family.

How can I get control of the causes?

Once you have identified and discussed the causes, address each of them
individually and find ways to gain control so that you can be active in preventing
recurrence. The strategies will be different for each cause. The goal is for you to
make a plan and take control of your health.

Can medication help in reducing my chances of
having another stroke?

Information can be found on medications for secondary stroke prevention at:
http://www.americanheart.org/presenter.jhtml?identifier=4723
Information on this web site is provided for informational purposes only and is not a substitute for professional medical advice. If you have or suspect you have a medical problem, promptly contact your professional healthcare provider. Secondary  Stroke  Prevention  &  Smoking  Cessation   5  

References
 Cappuccio, F.P. (1997). Dietary changes and their effect on blood pressure:
what lesson should we learn? Journal of human hypertension, 11, 765-766.  Critchley, J.A. & Capewel , S. (2003). Mortality risk reduction associated with mmoking cessation in patients with coronary heart disease: a systematic review. JAMA, 290, 86-97.  Hackam D.G., & Spence J.D. (2007). Combining multiple approaches for the secondary prevention of vascular events after stroke: a quantitative modeling study. Stroke, 38, 1881-1885.  Heart and Stroke Foundation of Canada, retrieved on 2007 from  Singh, R.B., Dubnov, G., Niaz, M.A., Ghosh, S., Singh, R., Rastogi, S.S., Manor, O., Pel a, D., & Berry, E.M. (2002). Effect of an Indo-Mediterranean diet on progression of coronary artery disease in high-risk patients (Indo-Mediterranean Diet Heart Study): a randomised single-blind trial. The Lancet, 360, 1455-1461.  Smith, S.C., Allen, J., Blair S. N., Bonow, R.O., Brass, L.M., Fonarow, G.C., Grundy, S.M., Hiratzka, L., Jones, D., Krumholz, H.M., Mosca, L., Pasternak, R.C., Pearson, T., Pfeffer, M.A., & Taubert, K.A. (2006). AHA/ACC guidelines for secondary prevention for patients with coronary and other atherosclerotic vascular disease: 2006 Update. Endorsed by the National Heart, Lung, and Blood Institute. J Am Col Cardiol., 47, 2130 -2139.  The Internet Stroke Center - US, retrieved on October 30, 2007 from  The Stroke Association - UK, retrieved in 2007 from http://www.stroke.org.uk/  Townend, E., Tinson, D., Kwan, J., & Sharpe, M. (2006). Fear of recurrence and beliefs about preventing recurrence in persons who have suffered a stroke. Journal of Psychosomatic Research, 61, 747-755.  Zhang, H., Thijis, L. & Staessen, J.A. (2006). Blood pressure for primary and secondary prevention of stroke. Hypertension, 48,187-195. Secondary  Stroke  Prevention  &  Smoking  Cessation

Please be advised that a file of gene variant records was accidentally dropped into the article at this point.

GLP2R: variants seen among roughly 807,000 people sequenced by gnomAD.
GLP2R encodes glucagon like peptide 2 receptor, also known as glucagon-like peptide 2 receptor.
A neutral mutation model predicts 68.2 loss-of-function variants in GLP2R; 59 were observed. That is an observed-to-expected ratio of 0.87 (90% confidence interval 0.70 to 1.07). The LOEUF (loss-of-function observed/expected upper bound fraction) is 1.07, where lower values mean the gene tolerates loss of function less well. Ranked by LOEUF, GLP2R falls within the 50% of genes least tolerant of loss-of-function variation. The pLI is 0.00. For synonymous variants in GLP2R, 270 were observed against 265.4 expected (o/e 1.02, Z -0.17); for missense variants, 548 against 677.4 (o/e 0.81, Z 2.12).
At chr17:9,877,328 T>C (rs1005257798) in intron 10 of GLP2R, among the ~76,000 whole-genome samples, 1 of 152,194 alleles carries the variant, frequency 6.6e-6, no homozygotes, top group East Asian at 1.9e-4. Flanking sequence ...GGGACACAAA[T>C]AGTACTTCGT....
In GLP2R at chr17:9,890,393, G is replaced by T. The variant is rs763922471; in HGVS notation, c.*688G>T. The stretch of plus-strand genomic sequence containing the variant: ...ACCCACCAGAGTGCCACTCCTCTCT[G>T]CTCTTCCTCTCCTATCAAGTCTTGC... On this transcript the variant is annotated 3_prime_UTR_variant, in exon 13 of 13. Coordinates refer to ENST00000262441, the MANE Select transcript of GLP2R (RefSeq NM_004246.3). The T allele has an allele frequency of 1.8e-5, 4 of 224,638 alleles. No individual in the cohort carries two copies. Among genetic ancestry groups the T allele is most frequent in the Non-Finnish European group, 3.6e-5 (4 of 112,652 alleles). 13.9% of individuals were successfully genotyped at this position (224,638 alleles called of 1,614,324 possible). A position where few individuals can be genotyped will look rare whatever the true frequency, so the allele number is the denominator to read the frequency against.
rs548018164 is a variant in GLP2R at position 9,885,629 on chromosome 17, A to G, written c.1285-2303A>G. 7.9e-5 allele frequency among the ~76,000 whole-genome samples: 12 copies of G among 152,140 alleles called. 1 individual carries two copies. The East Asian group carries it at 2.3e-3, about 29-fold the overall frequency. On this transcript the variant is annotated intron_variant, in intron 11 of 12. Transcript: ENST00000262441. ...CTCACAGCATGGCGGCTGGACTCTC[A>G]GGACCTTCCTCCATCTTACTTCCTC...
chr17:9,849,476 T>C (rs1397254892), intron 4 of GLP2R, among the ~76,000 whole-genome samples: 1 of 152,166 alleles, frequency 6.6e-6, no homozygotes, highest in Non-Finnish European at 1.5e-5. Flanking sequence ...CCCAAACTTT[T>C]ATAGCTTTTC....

Source: http://strokengine.ca/intervention/admin/patient/Secondary%20Stroke%20Prevention%20and%20Smoking%20Patient-Family%20InformationJan2011.pdf